The findings informed a multilevel, interconnected model for disaster risk reduction tailored to adolescents’ needs. Supporting adolescents’ recovery and long-term resilience after humanitarian crises will require coordinated efforts in preparedness, security, and mental health care.
The extensive heterogeneity both between and within the medulloblastoma (MB) subgroups underscores a critical need for variant-specific biomarkers and therapeutic strategies. We previously identified a role for the CD271/p75 neurotrophin receptor (p75NTR) in regulating stem/progenitor cells in the SHH MB subgroup. Here, we demonstrate the utility of CD271 as a novel diagnostic and prognostic marker for SHH MB using immunohistochemical analysis as well as transcriptome data across 763 primary tumors. Characterization of CD271+ and CD271- cells by RNA sequencing revealed that these two subpopulations are molecularly distinct, co-existing cellular subsets both in vitro and in vivo. MAPK/ERK signaling is upregulated in the CD271+ population and inhibiting this pathway reduced CD271 levels, stem/progenitor cell proliferation and cell survival as well as cell migration in vitro. Importantly, the MEK inhibitor selumetinib extends survival and reduces CD271 levels in vivo. Our study demonstrates the clinical utility of CD271 as both a diagnostic and prognostic tool for SHH MB tumors and reveals a novel role for MEK inhibitors in targeting CD271+ SHH MB cells.
Different diagnostic interviews are used as reference standards for major depression classification in research. Semi-structured interviews involve clinical judgement, whereas fully structured interviews are completely scripted. The Mini International Neuropsychiatric Interview (MINI), a brief fully structured interview, is also sometimes used. It is not known whether interview method is associated with probability of major depression classification.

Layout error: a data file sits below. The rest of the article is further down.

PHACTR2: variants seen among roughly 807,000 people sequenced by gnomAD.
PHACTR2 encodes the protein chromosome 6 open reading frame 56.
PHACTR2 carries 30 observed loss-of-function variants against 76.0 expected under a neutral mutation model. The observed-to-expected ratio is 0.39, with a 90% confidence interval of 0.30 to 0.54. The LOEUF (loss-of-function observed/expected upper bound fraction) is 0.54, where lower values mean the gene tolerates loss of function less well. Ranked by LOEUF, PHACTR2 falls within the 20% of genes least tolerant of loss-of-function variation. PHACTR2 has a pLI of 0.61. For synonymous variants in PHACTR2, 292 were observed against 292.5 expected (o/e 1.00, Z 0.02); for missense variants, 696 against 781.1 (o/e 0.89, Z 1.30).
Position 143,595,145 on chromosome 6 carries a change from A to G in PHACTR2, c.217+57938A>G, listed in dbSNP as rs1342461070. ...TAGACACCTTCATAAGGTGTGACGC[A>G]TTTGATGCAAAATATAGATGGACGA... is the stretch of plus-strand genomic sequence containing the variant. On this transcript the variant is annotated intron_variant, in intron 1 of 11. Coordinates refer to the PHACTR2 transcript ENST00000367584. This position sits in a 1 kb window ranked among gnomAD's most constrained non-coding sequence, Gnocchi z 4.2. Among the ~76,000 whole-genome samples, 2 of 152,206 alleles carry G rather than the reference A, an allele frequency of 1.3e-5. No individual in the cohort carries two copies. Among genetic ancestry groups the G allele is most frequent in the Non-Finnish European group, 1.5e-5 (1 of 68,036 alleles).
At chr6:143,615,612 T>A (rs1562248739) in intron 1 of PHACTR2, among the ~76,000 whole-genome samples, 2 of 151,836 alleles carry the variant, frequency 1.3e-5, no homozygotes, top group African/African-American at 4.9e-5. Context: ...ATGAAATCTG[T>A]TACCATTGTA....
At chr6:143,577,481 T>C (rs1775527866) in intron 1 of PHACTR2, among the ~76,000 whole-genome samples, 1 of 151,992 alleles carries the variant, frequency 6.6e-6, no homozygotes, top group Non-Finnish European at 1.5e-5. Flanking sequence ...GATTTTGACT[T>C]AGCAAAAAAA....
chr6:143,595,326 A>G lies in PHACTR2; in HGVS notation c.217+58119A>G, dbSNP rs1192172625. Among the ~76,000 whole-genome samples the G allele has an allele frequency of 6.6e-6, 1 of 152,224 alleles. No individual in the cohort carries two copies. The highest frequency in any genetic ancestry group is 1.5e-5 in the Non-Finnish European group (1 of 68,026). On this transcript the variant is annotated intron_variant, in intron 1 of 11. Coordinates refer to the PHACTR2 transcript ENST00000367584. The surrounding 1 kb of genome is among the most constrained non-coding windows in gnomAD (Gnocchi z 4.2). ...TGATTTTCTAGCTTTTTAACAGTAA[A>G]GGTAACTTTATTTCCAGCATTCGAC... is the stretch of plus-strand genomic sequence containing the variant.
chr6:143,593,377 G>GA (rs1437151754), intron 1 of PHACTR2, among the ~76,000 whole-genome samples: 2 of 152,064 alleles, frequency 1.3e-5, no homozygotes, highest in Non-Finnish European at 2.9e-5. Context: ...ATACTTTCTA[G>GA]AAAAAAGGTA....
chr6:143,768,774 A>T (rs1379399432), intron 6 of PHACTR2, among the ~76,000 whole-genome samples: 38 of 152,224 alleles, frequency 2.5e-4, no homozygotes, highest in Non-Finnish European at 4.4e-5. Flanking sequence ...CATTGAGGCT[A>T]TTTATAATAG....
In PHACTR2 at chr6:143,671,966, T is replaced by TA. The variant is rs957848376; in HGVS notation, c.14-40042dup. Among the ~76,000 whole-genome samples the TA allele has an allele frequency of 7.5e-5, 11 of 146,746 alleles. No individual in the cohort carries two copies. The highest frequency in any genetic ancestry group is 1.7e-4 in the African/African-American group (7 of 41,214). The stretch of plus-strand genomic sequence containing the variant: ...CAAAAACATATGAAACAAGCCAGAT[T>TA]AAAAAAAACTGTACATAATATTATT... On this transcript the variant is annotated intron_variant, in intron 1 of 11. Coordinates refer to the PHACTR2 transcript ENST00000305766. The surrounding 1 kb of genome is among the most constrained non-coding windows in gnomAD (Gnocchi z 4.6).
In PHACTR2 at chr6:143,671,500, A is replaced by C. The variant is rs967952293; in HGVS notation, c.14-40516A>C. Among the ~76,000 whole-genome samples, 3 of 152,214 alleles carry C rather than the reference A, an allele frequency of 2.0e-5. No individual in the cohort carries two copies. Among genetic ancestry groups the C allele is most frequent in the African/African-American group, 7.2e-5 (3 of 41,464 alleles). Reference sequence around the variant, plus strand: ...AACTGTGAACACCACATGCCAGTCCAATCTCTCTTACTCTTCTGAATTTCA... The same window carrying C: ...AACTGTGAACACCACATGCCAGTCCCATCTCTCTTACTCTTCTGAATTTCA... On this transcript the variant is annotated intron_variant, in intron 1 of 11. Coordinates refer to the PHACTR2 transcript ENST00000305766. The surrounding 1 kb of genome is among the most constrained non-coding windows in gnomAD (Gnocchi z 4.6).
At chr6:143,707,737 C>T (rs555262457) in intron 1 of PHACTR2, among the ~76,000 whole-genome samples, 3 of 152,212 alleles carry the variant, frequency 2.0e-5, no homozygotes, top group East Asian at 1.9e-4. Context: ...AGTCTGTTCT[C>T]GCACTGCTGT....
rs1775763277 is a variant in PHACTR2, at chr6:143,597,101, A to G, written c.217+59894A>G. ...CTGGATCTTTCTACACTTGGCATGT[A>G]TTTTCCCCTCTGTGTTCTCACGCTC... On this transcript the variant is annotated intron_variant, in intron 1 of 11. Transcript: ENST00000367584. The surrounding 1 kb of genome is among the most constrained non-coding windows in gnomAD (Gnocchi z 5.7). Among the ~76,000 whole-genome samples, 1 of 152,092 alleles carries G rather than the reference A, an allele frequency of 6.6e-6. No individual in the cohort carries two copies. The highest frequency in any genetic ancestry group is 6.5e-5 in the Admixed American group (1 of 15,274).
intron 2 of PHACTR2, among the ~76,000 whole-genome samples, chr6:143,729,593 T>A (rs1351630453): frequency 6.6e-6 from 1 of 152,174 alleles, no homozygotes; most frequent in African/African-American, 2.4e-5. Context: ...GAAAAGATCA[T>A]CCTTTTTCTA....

To evaluate the association between interview method and odds of major depression classification, controlling for depressive symptom scores and participant characteristics.
Data collected for an individual participant data meta-analysis of Patient Health Questionnaire-9 (PHQ-9) diagnostic accuracy were analysed and binomial generalised linear mixed models were fit.
A total of 17 158 participants (2287 with major depression) from 57 primary studies were analysed. Among fully structured interviews, odds of major depression were higher for the MINI compared with the Composite International Diagnostic Interview (CIDI) (odds ratio (OR) = 2.10; 95% CI = 1.15–3.87). Compared with semi-structured interviews, fully structured interviews (MINI excluded) were non-significantly more likely to classify participants with low-level depressive symptoms (PHQ-9 scores ≤6) as having major depression (OR = 3.13; 95% CI = 0.98–10.00), similarly likely for moderate-level symptoms (PHQ-9 scores 7–15) (OR = 0.96; 95% CI = 0.56–1.66) and significantly less likely for high-level symptoms (PHQ-9 scores ≥16) (OR = 0.50; 95% CI = 0.26–0.97).
The MINI may identify more people as depressed than the CIDI, and semi-structured and fully structured interviews may not be interchangeable methods, but these results should be replicated.
Declaration of interest